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Who will be the next Labour leader?

So far four Labour MPs have thrown their names into the hat to succeed Jeremy Corbyn

The Labour Party is searching for a new leader (Dominic Lipinski/PA)
The Labour Party is searching for a new leader (Dominic Lipinski/PA)

By Catherine Wylie, Sam Blewett and George Ryan, PA

As Labour deals with a devastating defeat at the general election, here is a look at who could be in the race to replace Jeremy Corbyn as party leader.

Labour’s National Executive Committee (NEC) is due to meet on January 6 to decide on the timetable and general secretary Jennie Formby has said the election should start on January 7.

So far four candidates have officially thrown their names into the hat to become next Labour leader.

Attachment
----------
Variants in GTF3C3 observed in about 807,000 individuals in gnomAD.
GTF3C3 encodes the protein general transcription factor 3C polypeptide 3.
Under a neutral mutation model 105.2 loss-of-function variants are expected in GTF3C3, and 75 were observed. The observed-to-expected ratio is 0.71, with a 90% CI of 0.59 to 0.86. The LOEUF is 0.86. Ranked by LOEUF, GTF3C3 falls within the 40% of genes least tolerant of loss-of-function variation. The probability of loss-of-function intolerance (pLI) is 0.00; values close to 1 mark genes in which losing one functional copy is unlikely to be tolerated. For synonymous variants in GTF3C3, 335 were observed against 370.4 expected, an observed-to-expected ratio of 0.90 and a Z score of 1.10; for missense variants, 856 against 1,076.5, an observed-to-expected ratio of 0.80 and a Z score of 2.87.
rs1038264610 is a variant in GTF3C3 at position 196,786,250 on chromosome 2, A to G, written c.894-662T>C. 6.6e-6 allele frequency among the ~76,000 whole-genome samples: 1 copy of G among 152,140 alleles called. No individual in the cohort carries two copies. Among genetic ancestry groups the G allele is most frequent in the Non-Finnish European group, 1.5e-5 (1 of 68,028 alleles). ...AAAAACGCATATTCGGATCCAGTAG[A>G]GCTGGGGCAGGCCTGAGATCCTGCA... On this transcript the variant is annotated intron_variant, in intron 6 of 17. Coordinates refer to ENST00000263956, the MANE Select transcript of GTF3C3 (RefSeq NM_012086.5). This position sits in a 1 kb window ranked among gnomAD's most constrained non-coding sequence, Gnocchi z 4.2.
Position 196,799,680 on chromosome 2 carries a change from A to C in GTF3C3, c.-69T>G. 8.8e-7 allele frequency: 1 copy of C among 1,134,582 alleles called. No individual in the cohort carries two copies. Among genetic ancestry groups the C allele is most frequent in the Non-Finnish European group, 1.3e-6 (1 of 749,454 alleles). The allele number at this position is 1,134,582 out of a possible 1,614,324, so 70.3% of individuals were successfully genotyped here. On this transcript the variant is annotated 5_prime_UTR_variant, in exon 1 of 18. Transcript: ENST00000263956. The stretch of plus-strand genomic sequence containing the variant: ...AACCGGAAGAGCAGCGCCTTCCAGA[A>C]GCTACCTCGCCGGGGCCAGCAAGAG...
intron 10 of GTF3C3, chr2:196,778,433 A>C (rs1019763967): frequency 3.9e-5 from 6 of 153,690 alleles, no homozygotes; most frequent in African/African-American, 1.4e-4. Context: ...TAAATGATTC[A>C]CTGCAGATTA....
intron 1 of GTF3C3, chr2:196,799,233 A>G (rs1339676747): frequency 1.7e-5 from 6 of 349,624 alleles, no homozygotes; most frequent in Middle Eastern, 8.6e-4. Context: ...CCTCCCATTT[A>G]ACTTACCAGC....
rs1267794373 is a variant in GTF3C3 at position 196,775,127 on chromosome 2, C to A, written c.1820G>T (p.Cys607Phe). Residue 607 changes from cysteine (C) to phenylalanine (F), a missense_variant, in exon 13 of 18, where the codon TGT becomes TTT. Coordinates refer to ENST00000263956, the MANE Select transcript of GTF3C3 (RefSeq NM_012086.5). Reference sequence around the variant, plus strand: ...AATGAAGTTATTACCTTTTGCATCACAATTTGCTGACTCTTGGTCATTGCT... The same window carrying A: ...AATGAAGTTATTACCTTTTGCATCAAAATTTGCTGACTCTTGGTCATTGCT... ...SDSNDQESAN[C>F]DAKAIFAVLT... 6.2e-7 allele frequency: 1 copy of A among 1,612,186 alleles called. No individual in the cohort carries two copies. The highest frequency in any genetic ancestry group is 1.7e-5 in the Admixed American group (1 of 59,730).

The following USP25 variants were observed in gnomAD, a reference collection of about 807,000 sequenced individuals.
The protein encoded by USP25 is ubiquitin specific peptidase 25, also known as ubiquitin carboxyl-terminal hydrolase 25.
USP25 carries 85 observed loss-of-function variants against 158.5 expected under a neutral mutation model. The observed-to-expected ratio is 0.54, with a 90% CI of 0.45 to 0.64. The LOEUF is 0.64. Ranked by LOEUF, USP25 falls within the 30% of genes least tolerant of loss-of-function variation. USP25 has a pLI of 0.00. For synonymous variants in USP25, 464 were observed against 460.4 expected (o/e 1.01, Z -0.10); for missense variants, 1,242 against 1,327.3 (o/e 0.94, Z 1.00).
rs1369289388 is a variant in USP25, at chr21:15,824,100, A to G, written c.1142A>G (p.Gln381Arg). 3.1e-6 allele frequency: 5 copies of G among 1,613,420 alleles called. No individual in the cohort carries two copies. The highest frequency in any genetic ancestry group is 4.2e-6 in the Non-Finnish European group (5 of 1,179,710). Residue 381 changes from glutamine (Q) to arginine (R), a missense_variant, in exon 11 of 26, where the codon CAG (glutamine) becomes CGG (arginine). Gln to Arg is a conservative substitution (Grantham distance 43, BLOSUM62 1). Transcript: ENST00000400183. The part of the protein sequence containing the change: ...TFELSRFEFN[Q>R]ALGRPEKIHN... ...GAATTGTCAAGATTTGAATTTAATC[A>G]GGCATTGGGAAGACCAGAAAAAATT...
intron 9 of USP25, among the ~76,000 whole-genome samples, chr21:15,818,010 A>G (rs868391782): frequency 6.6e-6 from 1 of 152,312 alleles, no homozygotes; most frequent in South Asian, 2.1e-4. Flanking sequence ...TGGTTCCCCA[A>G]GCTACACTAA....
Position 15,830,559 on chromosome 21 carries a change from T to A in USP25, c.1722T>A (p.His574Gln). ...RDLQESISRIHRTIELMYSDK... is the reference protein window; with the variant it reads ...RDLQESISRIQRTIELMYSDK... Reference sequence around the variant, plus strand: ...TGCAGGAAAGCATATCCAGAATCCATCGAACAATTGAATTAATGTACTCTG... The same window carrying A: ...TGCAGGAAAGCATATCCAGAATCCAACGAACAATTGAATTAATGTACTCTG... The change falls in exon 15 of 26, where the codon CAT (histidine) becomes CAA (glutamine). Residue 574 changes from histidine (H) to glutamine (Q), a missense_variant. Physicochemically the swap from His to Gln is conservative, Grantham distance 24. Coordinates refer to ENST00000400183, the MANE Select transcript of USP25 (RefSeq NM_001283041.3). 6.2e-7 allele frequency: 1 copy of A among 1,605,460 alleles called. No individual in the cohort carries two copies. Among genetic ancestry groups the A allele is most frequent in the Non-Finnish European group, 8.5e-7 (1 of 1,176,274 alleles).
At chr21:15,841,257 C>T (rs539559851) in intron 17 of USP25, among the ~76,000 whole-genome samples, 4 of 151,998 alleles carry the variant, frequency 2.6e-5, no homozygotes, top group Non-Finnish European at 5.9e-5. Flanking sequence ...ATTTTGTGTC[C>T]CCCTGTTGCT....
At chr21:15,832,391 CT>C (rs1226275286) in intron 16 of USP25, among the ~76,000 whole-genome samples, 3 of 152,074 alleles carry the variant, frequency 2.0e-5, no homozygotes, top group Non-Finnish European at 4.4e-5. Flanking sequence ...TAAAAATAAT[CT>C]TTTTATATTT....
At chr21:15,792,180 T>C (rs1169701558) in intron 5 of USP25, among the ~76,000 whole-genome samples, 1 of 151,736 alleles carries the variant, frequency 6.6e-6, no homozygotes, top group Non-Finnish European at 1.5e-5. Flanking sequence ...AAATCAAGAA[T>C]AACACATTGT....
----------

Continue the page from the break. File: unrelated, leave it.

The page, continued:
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Clive Lewis, MP for Norwich South

– Clive Lewis

Clive Lewis, shadow Treasury minister, in an article for the Guardian, said he wanted to “unleash” the Labour movement to win its first general election since 2005.

Mr Lewis said he wanted to have the opportunity to “win back” the trust of the electorate in Labour’s traditional heartlands, where large swathes of voters deserted the party in favour of Boris Johnson’s Conservatives at the election.

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Lisa Nandy, when she was a shadow cabinet minister

– Lisa Nandy

Wigan MP Ms Nandy, a former shadow cabinet minister, said on Friday that the successor to Mr Corbyn must be someone with “skin in the game” and called for the rejection of “the paternalism of the past”.